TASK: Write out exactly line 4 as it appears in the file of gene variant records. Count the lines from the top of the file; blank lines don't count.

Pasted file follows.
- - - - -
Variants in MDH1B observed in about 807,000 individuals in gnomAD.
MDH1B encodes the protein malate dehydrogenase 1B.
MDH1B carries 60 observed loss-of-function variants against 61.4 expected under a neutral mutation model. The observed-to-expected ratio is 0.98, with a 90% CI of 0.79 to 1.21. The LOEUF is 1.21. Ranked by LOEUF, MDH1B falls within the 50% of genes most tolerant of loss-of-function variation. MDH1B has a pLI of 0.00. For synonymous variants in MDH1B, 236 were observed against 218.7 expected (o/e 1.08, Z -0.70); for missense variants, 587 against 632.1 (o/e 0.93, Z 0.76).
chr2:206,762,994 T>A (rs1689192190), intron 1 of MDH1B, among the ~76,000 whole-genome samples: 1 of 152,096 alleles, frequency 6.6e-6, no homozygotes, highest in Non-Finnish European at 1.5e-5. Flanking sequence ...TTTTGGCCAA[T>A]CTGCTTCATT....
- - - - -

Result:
chr2:206,762,994 T>A (rs1689192190), intron 1 of MDH1B, among the ~76,000 whole-genome samples: 1 of 152,096 alleles, frequency 6.6e-6, no homozygotes, highest in Non-Finnish European at 1.5e-5. Flanking sequence ...TTTTGGCCAA[T>A]CTGCTTCATT....